COVID 19

“May you live in interesting times.”

These truly are “interesting times” we are living in. As I write this, I am in Portland, preparing for an imminent shelter-in-place order expected to come soon to help prevent the spread of COVID 19, commonly known as Coronavirus. As most of you know, this is a virus which is bringing society to a screeching halt as governments around the world shut down borders, cancel events, and require citizens to stay home. If you spend your time listening to the news, either legit or FAUX, it can make you feel like we are in a very scary situation.

I want to address this as it pertains to those of us in the pet care industry. I do not purport to be a health expert and I have no idea what’s coming next or how this will play out in the months ahead, however I do know that if we let it get the best of us, we will have a very hard time coming back from it when things begin to calm down.

First, let me address an immediate concern for many in this field. According to the CDC and WHO, Corona cannot be passed to or from our pets. The AVMA has released statements clarifying early reports of a dog testing “weak positive” and giving tips on prevention going forward. Those tips, like those coming from so many other places, basically says, wash your hands and avoid PEOPLE who have been exposed. Most sources do not believe there is a risk of contracting this from our pets.

This will have a big impact on our economy over the next few weeks to months. If you are in quarantine, self-imposed or government ordered, please keep your head. We are going to have to figure out the new normal. It may seem unimportant in the global picture, but if you have a dog in training or a new pup, this may be a good time to get a jump on some of the skills your dog needs for the rest of his life. Classes may be out, but many trainers, including myself, are offering online options or Facetime consultations. Training may be on a back burner for you, but this is the livelihood many of us depend on, so if it is something you can continue, please look for options to do so. This is true for many other industries as well. I can only imagine how difficult it is for people in the restaurant biz right now as they try to adapt to some of the new carry-out only restrictions in place. If you are healthy and can afford it, please give your local pub or diner some business, then get home and self-isolate so we can get this under control and “flatten the curve” as they’re saying as soon as possible.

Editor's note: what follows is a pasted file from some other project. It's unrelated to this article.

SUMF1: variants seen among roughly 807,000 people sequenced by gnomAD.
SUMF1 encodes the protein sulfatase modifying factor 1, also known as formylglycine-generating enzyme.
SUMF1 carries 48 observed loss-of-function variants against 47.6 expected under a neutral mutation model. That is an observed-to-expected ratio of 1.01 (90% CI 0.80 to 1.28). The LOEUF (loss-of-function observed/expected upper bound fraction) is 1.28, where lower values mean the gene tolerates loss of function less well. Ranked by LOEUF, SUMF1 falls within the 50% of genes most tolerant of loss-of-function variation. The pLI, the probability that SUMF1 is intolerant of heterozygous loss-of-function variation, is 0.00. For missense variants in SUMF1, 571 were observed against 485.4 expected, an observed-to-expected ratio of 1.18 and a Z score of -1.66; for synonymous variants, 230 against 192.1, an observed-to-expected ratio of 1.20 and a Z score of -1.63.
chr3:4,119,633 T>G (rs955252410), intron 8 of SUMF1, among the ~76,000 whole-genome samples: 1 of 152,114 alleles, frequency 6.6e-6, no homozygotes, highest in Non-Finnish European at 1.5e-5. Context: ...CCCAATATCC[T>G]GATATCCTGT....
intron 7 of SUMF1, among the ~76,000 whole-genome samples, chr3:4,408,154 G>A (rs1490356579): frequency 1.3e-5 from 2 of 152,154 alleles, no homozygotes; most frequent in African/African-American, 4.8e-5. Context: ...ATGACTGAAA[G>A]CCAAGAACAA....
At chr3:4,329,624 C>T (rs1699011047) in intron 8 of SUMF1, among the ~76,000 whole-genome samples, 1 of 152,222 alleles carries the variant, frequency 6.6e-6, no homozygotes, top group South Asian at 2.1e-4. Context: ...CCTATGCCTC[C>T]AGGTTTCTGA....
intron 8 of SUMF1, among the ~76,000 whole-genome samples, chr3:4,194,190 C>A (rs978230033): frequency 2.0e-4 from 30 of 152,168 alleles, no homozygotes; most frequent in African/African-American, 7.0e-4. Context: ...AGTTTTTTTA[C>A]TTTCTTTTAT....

If you’re a business facing a downturn and potential layoffs or changes, know that you are not alone. Don’t let this overwhelm you. Reach out if you need to talk to someone or a little guidance. Be careful on social media as it can become a tornado of misinformation, but it can also provide some insight as to what others are doing to weather this storm. If you don’t feel you have anyone available to you, reach out to me. This is new territory to all of us, but I am happy to be a friendly ear or sounding board to bounce some ideas off. You can reach me here or on FB. If you feel you are facing financial hardship due to this situation, the Small Business Association has some help available. Be sure to look into that, both their low-interest loan programs and their payment deferrals. You can start at https://www.sba.gov/funding-programs/disaster-assistance.

It may take a couple weeks, maybe longer, but eventually this will all blow over. How we come back from it will be the real test for many of us. If I can offer any single piece of advice here, it would be don’t panic. It may get tough, it may feel dark and dire, but there will be a dawn.

Take care of yourselves, stay positive, and remember, get out and do something with your dog! (But keep appropriate social distance from other people.)

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